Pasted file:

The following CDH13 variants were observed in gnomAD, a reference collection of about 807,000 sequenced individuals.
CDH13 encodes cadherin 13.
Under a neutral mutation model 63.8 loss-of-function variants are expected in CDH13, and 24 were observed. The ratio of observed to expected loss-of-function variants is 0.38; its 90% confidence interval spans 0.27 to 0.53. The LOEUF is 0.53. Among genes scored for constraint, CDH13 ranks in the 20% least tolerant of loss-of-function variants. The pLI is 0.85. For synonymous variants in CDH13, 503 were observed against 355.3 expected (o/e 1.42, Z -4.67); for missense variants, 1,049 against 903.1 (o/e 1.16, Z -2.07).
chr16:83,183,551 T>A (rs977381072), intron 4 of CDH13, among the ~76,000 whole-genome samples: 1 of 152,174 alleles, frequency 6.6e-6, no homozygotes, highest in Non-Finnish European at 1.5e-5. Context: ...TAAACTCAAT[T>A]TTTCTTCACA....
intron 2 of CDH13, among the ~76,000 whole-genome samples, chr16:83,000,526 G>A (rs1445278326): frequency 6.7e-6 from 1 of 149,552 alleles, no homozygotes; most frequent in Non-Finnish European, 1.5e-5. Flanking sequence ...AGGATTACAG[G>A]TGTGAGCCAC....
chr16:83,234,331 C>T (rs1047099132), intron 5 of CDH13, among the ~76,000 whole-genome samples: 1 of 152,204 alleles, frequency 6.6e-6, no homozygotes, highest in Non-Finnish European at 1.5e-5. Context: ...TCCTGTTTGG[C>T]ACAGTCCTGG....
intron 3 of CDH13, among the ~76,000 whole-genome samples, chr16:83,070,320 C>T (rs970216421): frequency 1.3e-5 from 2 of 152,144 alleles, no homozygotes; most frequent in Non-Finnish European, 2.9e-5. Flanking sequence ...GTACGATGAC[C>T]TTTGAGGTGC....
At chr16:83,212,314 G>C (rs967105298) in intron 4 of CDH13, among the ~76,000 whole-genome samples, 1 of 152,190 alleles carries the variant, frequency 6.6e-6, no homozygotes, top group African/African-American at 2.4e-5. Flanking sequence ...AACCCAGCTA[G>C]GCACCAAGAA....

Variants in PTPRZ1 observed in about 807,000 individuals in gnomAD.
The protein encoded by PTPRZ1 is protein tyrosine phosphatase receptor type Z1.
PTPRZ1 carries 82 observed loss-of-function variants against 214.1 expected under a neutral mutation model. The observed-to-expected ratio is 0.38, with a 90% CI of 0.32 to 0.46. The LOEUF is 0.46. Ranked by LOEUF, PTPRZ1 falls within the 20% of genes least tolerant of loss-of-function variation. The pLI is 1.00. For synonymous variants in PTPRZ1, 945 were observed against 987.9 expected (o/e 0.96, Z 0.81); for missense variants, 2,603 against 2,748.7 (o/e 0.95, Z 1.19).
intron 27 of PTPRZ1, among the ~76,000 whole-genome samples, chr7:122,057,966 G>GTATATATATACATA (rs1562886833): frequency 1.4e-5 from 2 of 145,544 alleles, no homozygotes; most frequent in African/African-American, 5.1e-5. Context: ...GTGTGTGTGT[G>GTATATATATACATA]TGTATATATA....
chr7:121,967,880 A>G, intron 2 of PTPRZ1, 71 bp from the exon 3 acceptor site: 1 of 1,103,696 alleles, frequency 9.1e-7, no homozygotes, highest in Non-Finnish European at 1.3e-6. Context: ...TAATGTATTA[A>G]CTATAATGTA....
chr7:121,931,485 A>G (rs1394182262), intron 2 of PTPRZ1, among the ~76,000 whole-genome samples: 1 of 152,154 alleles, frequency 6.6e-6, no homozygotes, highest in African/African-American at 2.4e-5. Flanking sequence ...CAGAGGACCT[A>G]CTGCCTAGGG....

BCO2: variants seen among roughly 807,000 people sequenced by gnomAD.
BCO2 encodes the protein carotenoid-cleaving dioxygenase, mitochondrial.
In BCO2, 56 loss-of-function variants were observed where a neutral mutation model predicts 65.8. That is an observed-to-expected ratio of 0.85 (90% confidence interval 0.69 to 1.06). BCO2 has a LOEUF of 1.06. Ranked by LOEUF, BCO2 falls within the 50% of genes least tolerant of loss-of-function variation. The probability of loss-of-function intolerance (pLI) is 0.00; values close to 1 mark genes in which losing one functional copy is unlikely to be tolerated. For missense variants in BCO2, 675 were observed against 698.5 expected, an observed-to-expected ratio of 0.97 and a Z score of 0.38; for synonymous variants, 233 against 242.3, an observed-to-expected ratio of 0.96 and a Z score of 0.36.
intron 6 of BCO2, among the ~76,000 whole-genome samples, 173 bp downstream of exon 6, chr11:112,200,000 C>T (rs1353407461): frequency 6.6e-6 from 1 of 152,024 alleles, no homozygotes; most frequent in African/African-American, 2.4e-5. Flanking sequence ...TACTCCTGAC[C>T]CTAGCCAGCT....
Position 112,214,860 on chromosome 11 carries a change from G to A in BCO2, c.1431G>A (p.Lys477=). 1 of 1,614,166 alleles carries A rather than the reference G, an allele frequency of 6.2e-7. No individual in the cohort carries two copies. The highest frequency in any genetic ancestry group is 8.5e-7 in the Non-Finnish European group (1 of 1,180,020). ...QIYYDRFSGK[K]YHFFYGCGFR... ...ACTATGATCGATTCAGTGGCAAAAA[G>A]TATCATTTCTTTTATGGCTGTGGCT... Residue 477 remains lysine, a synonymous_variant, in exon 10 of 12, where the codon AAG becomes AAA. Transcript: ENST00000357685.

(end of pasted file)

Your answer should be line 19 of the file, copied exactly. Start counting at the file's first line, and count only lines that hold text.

Position 112,214,860 on chromosome 11 carries a change from G to A in BCO2, c.1431G>A (p.Lys477=). 1 of 1,614,166 alleles carries A rather than the reference G, an allele frequency of 6.2e-7. No individual in the cohort carries two copies. The highest frequency in any genetic ancestry group is 8.5e-7 in the Non-Finnish European group (1 of 1,180,020). ...QIYYDRFSGK[K]YHFFYGCGFR... ...ACTATGATCGATTCAGTGGCAAAAA[G>A]TATCATTTCTTTTATGGCTGTGGCT... Residue 477 remains lysine, a synonymous_variant, in exon 10 of 12, where the codon AAG becomes AAA. Transcript: ENST00000357685.